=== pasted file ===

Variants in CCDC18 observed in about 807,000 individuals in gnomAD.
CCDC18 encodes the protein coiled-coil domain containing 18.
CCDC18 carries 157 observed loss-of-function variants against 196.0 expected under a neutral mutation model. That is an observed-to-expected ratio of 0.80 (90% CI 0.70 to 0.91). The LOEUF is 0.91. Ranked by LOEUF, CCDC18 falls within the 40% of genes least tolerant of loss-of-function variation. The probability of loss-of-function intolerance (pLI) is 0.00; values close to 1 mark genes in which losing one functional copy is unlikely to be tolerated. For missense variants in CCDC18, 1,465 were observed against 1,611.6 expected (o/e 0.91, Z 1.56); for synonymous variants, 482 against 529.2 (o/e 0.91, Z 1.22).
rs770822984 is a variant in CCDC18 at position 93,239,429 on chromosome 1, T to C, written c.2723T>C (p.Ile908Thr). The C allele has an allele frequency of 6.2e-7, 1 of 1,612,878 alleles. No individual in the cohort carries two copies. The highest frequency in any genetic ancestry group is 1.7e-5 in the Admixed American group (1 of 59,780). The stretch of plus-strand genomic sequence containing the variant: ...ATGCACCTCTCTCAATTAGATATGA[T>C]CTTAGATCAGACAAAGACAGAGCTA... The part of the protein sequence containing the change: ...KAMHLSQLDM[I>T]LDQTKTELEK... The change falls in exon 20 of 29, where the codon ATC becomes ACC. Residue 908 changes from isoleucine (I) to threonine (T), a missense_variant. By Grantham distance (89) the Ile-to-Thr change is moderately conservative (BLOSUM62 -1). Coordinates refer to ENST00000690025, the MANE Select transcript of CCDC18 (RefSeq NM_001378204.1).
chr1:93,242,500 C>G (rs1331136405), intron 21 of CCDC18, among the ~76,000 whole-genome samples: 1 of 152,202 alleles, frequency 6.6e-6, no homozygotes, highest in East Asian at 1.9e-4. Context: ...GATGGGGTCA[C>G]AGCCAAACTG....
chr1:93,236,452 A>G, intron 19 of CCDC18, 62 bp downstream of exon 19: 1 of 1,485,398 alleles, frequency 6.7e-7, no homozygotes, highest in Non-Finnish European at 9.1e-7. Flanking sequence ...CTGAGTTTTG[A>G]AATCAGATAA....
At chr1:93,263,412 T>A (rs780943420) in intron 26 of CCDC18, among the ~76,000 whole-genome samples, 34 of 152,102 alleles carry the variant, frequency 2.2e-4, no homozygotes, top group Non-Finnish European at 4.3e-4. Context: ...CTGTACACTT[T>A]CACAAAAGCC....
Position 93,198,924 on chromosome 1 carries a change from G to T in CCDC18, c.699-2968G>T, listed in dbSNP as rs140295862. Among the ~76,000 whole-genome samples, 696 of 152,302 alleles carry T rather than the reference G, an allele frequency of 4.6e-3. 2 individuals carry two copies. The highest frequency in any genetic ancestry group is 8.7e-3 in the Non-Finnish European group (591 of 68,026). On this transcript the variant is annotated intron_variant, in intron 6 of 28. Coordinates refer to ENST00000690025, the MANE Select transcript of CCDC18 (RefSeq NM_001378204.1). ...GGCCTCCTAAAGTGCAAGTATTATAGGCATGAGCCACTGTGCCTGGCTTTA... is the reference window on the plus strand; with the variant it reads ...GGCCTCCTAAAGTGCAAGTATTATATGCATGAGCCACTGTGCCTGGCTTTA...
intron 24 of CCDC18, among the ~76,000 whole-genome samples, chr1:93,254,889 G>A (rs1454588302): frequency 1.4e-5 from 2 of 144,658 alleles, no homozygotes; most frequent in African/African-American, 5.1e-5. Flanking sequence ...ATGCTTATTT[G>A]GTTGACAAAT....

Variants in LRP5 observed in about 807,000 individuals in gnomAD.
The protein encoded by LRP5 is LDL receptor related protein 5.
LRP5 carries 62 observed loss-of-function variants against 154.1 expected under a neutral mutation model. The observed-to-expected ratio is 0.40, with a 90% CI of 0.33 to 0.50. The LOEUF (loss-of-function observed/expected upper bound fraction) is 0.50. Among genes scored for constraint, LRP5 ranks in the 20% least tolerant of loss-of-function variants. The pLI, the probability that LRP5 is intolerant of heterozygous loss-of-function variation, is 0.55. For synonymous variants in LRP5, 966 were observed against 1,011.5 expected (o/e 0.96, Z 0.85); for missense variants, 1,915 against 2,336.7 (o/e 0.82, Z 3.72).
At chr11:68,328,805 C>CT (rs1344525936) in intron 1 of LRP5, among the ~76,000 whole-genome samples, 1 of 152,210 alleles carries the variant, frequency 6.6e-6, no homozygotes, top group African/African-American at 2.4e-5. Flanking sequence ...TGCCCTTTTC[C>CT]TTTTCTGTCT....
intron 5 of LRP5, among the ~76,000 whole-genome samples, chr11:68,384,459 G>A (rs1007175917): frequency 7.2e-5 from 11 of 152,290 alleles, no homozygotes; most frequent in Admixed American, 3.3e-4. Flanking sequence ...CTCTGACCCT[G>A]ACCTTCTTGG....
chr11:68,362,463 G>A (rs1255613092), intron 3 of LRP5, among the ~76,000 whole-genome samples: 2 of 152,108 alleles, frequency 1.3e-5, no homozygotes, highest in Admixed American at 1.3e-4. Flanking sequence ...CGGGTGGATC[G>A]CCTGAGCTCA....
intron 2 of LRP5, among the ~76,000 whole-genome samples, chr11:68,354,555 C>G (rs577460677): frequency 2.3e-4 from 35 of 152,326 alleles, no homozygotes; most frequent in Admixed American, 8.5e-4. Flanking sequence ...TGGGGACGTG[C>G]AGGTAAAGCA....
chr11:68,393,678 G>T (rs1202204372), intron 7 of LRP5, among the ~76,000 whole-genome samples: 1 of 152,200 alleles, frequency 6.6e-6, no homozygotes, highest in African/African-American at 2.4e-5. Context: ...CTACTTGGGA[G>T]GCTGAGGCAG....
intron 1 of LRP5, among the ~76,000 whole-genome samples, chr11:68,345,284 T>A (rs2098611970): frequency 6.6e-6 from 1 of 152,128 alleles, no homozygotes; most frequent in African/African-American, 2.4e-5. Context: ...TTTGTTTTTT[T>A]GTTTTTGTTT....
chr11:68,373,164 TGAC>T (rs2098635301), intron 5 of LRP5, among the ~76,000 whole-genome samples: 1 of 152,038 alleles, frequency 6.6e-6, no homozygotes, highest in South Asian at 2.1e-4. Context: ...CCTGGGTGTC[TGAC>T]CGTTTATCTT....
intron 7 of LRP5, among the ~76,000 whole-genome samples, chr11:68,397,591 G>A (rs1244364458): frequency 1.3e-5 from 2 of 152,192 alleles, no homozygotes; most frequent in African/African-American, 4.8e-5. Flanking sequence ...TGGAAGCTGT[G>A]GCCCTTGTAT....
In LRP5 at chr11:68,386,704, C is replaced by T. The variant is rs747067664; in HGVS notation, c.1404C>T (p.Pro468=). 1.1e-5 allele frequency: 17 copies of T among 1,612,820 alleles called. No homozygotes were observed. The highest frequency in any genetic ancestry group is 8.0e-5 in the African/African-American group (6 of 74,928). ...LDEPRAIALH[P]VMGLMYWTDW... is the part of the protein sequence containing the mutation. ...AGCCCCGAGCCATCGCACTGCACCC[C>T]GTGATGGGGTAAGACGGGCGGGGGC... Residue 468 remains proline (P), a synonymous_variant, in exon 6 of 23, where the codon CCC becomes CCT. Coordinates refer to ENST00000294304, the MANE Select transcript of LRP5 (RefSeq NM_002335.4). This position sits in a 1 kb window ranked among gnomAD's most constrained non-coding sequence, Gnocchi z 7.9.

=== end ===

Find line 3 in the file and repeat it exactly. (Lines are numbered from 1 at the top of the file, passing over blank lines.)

CCDC18 carries 157 observed loss-of-function variants against 196.0 expected under a neutral mutation model. That is an observed-to-expected ratio of 0.80 (90% CI 0.70 to 0.91). The LOEUF is 0.91. Ranked by LOEUF, CCDC18 falls within the 40% of genes least tolerant of loss-of-function variation. The probability of loss-of-function intolerance (pLI) is 0.00; values close to 1 mark genes in which losing one functional copy is unlikely to be tolerated. For missense variants in CCDC18, 1,465 were observed against 1,611.6 expected (o/e 0.91, Z 1.56); for synonymous variants, 482 against 529.2 (o/e 0.91, Z 1.22).